Supporting the uninsured

Alliance Medical Center’s Healdsburg clinic.

Providers are embracing telemedicine

Healdsburg and Windsor-based medical provider Alliance Medical Center is one of a handful of local federally qualified health centers (FQHCs) to receive stop-gap funding from the federal CARES Act.

The funding that Alliance is set to receive totals $744,770 and will help bridge the gap in revenue it has seen as a result of COVID-19 and shelter-in-place orders.

“It will help us stay solvent while we develop the means to see our patient population,” Alliance CEO Joan Churchill said.

Churchill started at Alliance in mid-March, just as the county’s shelter-in-place order was announced. Since then, she said that the center has had to navigate a new world of telephone and televideo calls to patients, all while seeing 58% of the patients they usually see around this time of year.

“For the first time ever in the history of the U.S. health care system, (they) allowed all of us to provide as much care as we can through the telephone,” she said. “We quickly shifted the end of the first week to shifting everything to telephone visits. The world changed for us, the week of March 16, and with that we lost a lot of revenue and a lot of people didn’t have their health care visits.”

To compare, Churchill said that she looked at the first two weeks of April, “Compared to April 2019, we had 43% of the revenue from patient care and 58% of the visits,” she said.

Some of this drop she attributes to trying to get people used to a new way of communicating, and part of it is the result of not being able to offer dental services. While Alliance offers medical care, behavioral health care and wellness programs, around 40% of the patients they see are utilizing their dental care services, Churchill said.

“We don’t know when everything’s going to return back to normal, and most of the FQHCs have dental programs and we can’t start at all until the (CDC) says that we can, because of the aerosol,” she said, referring to the increased likelihood of virus spread when performing dental work, since COVID-19 particles can be found in aerosol.

On April 8, the CDC recommended that dental facilities prioritize urgent and emergency visits and procedures, but that they postpone everything else.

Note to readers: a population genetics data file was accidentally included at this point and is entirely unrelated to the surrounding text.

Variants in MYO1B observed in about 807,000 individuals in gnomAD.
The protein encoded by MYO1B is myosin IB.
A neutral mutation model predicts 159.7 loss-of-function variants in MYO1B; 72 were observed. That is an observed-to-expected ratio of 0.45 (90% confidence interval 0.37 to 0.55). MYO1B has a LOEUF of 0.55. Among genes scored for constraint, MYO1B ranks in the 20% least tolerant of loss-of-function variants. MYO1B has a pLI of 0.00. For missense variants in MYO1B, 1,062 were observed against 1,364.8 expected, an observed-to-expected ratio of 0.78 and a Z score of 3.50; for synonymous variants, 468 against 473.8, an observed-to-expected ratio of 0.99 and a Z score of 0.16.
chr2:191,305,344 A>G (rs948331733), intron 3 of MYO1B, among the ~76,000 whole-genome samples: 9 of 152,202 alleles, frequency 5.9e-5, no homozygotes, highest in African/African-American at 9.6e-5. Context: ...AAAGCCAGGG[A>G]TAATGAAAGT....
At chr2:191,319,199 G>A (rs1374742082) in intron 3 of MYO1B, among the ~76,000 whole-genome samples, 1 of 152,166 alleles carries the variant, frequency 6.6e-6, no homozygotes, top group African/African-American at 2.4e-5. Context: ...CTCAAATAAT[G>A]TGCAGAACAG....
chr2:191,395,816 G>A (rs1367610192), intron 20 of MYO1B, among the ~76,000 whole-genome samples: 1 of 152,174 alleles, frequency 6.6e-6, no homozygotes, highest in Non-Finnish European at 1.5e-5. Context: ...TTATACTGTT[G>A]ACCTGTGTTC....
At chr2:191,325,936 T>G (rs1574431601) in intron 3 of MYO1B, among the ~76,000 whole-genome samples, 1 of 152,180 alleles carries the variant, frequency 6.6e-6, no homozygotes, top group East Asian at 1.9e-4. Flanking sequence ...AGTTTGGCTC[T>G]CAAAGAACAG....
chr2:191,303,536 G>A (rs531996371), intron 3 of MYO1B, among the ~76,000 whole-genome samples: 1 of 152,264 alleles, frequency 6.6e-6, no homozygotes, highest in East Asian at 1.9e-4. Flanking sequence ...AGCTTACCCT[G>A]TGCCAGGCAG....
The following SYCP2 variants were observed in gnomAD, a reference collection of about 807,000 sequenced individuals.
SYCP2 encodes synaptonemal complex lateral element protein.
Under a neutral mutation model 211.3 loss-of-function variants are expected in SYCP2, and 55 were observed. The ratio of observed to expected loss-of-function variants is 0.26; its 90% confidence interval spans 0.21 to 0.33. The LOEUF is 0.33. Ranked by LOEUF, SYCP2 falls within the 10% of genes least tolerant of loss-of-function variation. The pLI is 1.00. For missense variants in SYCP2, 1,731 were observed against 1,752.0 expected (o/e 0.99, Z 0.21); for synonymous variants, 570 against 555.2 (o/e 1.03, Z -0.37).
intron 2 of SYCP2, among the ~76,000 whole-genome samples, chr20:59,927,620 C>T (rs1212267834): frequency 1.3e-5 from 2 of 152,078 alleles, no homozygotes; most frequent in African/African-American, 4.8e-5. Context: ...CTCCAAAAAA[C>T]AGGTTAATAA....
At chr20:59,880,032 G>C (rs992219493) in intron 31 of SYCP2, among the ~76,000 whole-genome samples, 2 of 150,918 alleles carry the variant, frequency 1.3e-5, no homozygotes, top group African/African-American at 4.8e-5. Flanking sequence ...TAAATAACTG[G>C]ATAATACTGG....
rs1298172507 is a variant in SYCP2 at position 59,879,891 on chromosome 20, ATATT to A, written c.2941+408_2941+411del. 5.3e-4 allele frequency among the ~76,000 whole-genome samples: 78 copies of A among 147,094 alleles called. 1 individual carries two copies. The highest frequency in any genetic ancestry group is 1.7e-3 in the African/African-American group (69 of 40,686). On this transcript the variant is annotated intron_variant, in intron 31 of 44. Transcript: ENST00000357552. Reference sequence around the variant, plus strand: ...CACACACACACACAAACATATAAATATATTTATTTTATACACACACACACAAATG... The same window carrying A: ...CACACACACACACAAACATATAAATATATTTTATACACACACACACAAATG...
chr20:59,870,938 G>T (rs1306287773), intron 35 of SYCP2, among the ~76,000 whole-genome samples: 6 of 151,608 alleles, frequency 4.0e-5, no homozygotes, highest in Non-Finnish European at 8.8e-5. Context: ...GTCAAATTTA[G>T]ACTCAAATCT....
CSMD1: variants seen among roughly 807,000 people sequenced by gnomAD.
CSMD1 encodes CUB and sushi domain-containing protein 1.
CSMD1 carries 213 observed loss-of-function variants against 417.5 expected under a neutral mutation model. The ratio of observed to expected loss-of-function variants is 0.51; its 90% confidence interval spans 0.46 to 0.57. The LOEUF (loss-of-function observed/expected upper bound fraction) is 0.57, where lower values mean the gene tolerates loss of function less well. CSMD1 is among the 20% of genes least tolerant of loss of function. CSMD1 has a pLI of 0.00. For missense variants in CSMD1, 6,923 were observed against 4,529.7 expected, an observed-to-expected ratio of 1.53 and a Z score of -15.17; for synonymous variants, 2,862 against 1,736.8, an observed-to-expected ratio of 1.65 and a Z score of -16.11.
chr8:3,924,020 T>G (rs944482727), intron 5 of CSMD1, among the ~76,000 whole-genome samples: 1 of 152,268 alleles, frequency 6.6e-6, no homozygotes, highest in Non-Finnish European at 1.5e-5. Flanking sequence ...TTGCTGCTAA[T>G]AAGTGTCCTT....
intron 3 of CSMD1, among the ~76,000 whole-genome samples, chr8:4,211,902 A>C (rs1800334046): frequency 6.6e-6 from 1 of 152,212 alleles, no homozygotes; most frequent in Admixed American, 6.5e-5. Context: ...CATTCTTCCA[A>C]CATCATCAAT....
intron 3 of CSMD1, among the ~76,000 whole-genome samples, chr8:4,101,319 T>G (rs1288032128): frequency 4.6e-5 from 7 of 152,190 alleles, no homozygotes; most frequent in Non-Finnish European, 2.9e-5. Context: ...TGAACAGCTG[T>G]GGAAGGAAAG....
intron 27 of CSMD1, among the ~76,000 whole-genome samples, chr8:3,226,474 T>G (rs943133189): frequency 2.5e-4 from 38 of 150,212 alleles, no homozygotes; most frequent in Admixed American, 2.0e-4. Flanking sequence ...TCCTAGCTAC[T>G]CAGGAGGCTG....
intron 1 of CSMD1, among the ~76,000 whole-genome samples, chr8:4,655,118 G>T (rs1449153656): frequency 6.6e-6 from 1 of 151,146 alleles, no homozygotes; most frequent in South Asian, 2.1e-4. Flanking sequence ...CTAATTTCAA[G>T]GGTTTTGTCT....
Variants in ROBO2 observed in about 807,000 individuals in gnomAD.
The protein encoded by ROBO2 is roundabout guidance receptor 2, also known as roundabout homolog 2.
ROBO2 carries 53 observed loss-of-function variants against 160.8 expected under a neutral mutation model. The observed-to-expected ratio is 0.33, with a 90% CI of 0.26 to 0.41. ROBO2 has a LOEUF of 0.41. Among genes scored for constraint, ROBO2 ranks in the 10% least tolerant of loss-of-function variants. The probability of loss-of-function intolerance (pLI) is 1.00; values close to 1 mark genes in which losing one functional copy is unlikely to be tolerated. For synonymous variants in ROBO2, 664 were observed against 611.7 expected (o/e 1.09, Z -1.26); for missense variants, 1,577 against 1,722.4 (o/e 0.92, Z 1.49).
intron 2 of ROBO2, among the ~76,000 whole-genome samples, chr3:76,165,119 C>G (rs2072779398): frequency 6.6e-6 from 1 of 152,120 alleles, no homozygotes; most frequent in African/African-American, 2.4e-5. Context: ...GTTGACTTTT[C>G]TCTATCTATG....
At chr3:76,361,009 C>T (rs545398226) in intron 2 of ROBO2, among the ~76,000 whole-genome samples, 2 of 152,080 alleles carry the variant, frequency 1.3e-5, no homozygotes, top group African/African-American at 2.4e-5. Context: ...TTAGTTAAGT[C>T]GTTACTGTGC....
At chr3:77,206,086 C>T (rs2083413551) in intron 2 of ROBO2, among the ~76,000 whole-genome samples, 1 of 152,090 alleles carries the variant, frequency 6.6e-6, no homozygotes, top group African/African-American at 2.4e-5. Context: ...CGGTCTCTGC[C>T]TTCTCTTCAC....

One of the silver linings of having to adapt to a different way of patient care, Churchill said, is having the opportunity to utilize technology — and the possibility of this experience opening doors to do telemedicine even after things go back to the “new normal.”

“What we’re finding is that people are loving it,” she said. “We have less of a no-show rate with behavioral health patients. We really think and we really hope that insurance (providers) will still allow patients to access care in all the different ways when, in the future, we’re back to the new normal.”

While overall patient counts are down, Churchill also thinks that Alliance may be seeing its patient demographics shift, with more recently uninsured folks using their services.

“This funding, successfully negotiated by Democrats in the recent CARES Act, is a huge win for our frontline health care workers fighting to protect communities from COVID-19,” Rep. Jared Huffman said in a statement about the funding. “Many of my constituents rely on community health centers for care, and this funding will support the testing, supplies, telehealth services and staffing all needed to ensure we can care for the safety and well-being of the community.”

For now, Churchill said that they’re applying for loans and doing “everything we can do to keep us solvent to provide care for our patients and the new patients who may be coming out to see us … all of us at FQHCs are the safety nets,” Churchill said. “We accept Medi-Cal, we accept Medicare, we accept people who may not be able to pay.”

“This community has been so supportive of our services and we’re so thankful for that,” she concluded.

As an additional note, Churchill said that Alliance is looking for donations from people who may still be making cloth masks, or donations of handkerchiefs.

“We have patients coming in with their families and they don’t have any masks,” she said, saying that they’d like to give people masks to wear, but have a limited supply of medical masks to hand out. 

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